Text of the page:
Lesson 8: The Restoration of the Priesthood #DandC2017

The restoration of the priesthood can be somewhat difficult to approach because there have been so many layers of re-reading. For example, we often say that John the Baptist restored the Aaronic Priesthood and later Peter, James, and John restored the Melchizedek Priesthood. The thing is, those terms and their meanings didn’t exist for another five or six years after the events occurred.

A good place to start if you want the deep dive is WVS’s “Early Mormon Priesthood Revelations: Text, Impact, and Evolution,” Dialogue: A Journal of Mormon Thought, 46, no. 4 (Winter 2013), 1–84. There is a lot to work through there, but a fundamental idea to think about is what priesthood is. I know we can repeat the modern catechismal values, but what is priesthood in 1829? What about 1832? And then in 1835?

Worth checking out is Oliver Cowdery’s account of the experience with the Baptist. Remember this was written several years before what we have in the Pearl of Great Price, and even the folks over at BYU Studies suggest that it is probably more accurate. The editors of the JSP describe it:

In the first letter, Oliver Cowdery recounted his experiences with JS beginning when the two first met in April 1829. The letter includes an account of the vision he and JS had of John the Baptist, who gave them the authority to baptize.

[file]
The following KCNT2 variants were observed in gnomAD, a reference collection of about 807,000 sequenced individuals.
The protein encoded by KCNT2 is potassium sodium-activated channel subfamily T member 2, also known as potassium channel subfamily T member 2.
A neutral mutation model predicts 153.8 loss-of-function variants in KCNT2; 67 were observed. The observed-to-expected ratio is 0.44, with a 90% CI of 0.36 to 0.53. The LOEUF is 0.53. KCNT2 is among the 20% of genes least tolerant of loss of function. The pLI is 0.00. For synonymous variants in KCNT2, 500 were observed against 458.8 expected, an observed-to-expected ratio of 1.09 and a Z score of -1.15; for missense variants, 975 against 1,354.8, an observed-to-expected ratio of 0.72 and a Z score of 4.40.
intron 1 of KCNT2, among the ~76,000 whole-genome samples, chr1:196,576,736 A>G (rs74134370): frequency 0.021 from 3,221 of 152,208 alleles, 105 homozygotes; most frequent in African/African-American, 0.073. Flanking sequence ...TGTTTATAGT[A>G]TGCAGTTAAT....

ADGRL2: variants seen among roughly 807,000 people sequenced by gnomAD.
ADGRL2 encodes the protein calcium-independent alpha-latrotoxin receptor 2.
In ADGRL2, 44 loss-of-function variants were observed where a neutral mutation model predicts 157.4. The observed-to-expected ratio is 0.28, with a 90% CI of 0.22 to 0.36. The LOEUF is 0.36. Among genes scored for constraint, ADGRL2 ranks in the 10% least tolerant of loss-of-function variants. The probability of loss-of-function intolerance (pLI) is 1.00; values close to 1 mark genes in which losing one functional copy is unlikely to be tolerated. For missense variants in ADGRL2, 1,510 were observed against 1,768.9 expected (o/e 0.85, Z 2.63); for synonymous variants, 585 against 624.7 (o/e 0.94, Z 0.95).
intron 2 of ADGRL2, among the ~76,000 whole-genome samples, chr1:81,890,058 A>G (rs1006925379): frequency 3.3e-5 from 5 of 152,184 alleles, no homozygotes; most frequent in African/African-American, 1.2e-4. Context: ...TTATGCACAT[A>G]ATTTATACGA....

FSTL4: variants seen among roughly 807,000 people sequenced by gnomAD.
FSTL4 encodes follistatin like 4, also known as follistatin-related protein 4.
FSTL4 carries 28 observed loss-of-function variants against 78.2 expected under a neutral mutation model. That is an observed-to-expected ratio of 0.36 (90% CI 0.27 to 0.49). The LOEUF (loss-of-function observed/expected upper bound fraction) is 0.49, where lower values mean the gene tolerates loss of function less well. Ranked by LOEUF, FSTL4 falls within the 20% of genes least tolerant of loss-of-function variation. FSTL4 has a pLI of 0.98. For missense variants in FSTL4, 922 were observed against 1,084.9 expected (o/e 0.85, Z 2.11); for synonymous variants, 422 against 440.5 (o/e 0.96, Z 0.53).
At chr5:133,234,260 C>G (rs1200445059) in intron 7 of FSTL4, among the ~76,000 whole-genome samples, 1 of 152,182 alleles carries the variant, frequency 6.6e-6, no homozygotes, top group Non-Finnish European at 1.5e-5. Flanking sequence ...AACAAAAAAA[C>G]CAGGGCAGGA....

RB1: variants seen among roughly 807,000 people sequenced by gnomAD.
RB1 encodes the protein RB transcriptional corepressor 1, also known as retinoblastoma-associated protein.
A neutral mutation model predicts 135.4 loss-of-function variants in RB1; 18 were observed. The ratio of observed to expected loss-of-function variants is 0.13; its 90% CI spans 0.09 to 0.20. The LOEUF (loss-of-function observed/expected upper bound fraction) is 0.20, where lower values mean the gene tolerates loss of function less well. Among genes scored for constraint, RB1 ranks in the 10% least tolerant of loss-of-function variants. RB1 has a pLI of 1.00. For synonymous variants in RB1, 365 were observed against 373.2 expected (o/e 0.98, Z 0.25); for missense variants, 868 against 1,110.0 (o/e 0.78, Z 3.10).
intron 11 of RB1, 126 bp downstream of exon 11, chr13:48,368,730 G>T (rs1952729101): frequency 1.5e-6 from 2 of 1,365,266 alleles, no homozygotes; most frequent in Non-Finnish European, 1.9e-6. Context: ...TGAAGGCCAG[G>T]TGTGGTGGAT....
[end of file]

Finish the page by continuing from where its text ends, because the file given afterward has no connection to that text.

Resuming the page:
Why would they describe it that way? How does the Book of Mormon talk about it?

A fun game: In what order were the priesthood offices revealed?

Some of the implications of the chronology are interesting. For example D&C 84:19-22 (Earliest Text):

19 And this greater priesthood administereth the gospel and holdeth the key of the mysteries of the kingdom, even the key of the knowledge of God. 20 Therefore, in the ordinances thereof, the power of godliness is manifest. 21 And without the ordinances thereof, and the authority of the priesthood, the power of godliness is not manifest unto men in the flesh; 22 For without this no man can see the face of God, even the Father, and live.

What are the ordinances of the high priesthood? Remember this is 1832, so the “Melchizedek Priesthood” has not been revealed yet. Are the “ordinances” in any way a function of what we talked about last week?